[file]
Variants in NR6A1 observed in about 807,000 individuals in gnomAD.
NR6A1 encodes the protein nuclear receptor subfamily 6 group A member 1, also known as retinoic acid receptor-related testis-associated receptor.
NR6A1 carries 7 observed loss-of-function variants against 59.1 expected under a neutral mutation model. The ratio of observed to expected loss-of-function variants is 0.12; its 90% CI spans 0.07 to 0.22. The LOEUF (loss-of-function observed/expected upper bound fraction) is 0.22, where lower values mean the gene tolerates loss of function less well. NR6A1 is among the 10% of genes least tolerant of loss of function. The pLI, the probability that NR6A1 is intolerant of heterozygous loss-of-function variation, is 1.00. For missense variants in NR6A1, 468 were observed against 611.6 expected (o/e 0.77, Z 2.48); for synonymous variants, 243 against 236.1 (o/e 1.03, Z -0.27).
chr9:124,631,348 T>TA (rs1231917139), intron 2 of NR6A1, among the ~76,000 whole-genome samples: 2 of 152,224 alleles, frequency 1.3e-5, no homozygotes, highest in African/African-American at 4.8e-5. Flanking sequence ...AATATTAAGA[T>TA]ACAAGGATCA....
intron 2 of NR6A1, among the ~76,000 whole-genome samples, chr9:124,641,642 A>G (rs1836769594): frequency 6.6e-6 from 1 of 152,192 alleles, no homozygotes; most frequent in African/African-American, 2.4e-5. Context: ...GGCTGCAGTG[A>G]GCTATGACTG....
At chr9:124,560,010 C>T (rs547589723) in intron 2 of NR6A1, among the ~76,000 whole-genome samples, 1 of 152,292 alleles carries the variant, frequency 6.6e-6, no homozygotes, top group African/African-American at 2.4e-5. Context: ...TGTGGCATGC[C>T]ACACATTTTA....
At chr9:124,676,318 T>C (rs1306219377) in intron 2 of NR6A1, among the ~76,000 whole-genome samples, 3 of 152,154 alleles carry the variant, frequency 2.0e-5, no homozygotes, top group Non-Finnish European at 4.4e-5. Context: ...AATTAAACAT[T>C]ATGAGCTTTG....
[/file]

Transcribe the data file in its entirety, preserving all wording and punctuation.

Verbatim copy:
Variants in NR6A1 observed in about 807,000 individuals in gnomAD.
NR6A1 encodes the protein nuclear receptor subfamily 6 group A member 1, also known as retinoic acid receptor-related testis-associated receptor.
NR6A1 carries 7 observed loss-of-function variants against 59.1 expected under a neutral mutation model. The ratio of observed to expected loss-of-function variants is 0.12; its 90% CI spans 0.07 to 0.22. The LOEUF (loss-of-function observed/expected upper bound fraction) is 0.22, where lower values mean the gene tolerates loss of function less well. NR6A1 is among the 10% of genes least tolerant of loss of function. The pLI, the probability that NR6A1 is intolerant of heterozygous loss-of-function variation, is 1.00. For missense variants in NR6A1, 468 were observed against 611.6 expected (o/e 0.77, Z 2.48); for synonymous variants, 243 against 236.1 (o/e 1.03, Z -0.27).
chr9:124,631,348 T>TA (rs1231917139), intron 2 of NR6A1, among the ~76,000 whole-genome samples: 2 of 152,224 alleles, frequency 1.3e-5, no homozygotes, highest in African/African-American at 4.8e-5. Flanking sequence ...AATATTAAGA[T>TA]ACAAGGATCA....
intron 2 of NR6A1, among the ~76,000 whole-genome samples, chr9:124,641,642 A>G (rs1836769594): frequency 6.6e-6 from 1 of 152,192 alleles, no homozygotes; most frequent in African/African-American, 2.4e-5. Context: ...GGCTGCAGTG[A>G]GCTATGACTG....
At chr9:124,560,010 C>T (rs547589723) in intron 2 of NR6A1, among the ~76,000 whole-genome samples, 1 of 152,292 alleles carries the variant, frequency 6.6e-6, no homozygotes, top group African/African-American at 2.4e-5. Context: ...TGTGGCATGC[C>T]ACACATTTTA....
At chr9:124,676,318 T>C (rs1306219377) in intron 2 of NR6A1, among the ~76,000 whole-genome samples, 3 of 152,154 alleles carry the variant, frequency 2.0e-5, no homozygotes, top group Non-Finnish European at 4.4e-5. Context: ...AATTAAACAT[T>C]ATGAGCTTTG....